Counterarguments and Industry Perspective

While OPH advocates for stricter packaging regulations, there are counterarguments calling for more lenient rules to enable sellers to provide customers with information about product variations. Proponents of looser regulations argue that educating consumers about the differences between cannabis products would enhance transparency and support the struggling cannabis industry. Finding the right balance between stringent regulations and industry support remains a key consideration.


In conclusion, Ottawa Public Health’s recommendations for graphic warnings on cannabis packaging reflect a commitment to public health and the promotion of informed decision-making. By drawing inspiration from the effective graphic health warnings found on cigarette packages, OPH aims to ensure that cannabis consumers are well-informed about the potential health risks associated with its use. The proposed regulations also address concerns regarding the concentration of cannabis stores, packaging design that might appeal to young people, and the need for safe storage warnings and poison control information. The upcoming approval process by the Ottawa Board of Health signifies the progress being made in updating cannabis rules and regulations.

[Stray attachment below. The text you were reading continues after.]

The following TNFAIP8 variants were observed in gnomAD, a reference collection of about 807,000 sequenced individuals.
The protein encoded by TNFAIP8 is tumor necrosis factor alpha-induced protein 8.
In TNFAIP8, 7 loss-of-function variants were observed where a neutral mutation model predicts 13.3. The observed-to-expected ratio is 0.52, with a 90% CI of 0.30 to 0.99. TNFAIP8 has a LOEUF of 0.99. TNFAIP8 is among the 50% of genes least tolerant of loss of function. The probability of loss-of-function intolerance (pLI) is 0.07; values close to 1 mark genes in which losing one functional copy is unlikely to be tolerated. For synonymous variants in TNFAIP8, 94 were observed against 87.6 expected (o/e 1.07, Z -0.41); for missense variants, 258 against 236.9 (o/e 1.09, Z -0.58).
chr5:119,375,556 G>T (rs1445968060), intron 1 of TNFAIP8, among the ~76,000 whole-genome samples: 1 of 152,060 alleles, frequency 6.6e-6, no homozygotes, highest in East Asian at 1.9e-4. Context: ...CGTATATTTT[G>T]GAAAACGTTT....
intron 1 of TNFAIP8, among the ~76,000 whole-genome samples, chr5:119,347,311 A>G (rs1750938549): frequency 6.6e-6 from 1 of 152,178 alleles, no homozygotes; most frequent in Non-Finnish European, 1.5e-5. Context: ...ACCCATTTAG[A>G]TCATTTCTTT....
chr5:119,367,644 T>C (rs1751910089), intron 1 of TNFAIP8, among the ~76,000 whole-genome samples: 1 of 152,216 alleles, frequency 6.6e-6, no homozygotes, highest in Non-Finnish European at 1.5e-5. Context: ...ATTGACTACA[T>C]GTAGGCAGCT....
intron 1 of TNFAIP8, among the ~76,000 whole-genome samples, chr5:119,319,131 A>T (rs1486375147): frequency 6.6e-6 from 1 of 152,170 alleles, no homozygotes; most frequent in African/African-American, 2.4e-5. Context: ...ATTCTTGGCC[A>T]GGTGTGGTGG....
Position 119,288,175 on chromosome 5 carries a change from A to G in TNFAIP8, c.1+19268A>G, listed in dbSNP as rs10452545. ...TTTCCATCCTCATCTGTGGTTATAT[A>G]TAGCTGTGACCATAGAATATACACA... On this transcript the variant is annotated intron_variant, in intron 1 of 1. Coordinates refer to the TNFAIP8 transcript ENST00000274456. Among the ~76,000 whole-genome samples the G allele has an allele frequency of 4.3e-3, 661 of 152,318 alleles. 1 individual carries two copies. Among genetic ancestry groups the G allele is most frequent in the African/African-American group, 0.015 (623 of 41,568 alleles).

1. Will graphic health warnings on cannabis packaging be mandatory?
    • The recommendation from Ottawa Public Health suggests the inclusion of graphic health warnings on cannabis packaging. However, the final decision lies with Health Canada, which will consider various factors before making a determination.
  2. How can plain packaging and health warnings reduce brand appeal?
    • Plain packaging and health warnings have been shown to decrease the attractiveness and appeal of tobacco and related products. By removing branding elements and displaying explicit health warnings, individuals are less likely to be enticed by the packaging and may develop a better understanding of the associated health risks.
  3. What are the concerns with density limits for cannabis stores?
    • Without density limits, there is a risk of cannabis stores being concentrated in close proximity, potentially leading to issues related to accessibility, community impact, and competition. Collaborative efforts between Health Canada and provinces can help establish appropriate density limits that address these concerns.
  4. What measures can be taken to ensure cannabis products don’t appeal to young people?
    • To prevent the appeal of cannabis products to young individuals, packaging design can be regulated. This includes banning terms like “candies” and prohibiting the use of shapes, sprinkles, and vibrant colors on edibles that might attract children.
  5. How can safe storage warnings and poison control information be incorporated into packaging?
    • Including clear and prominent warnings about safe storage practices and providing poison control information on cannabis packaging can help mitigate potential risks. This information aims to educate individuals about responsible storage and ensure they have access to appropriate resources in case of accidental ingestion or exposure.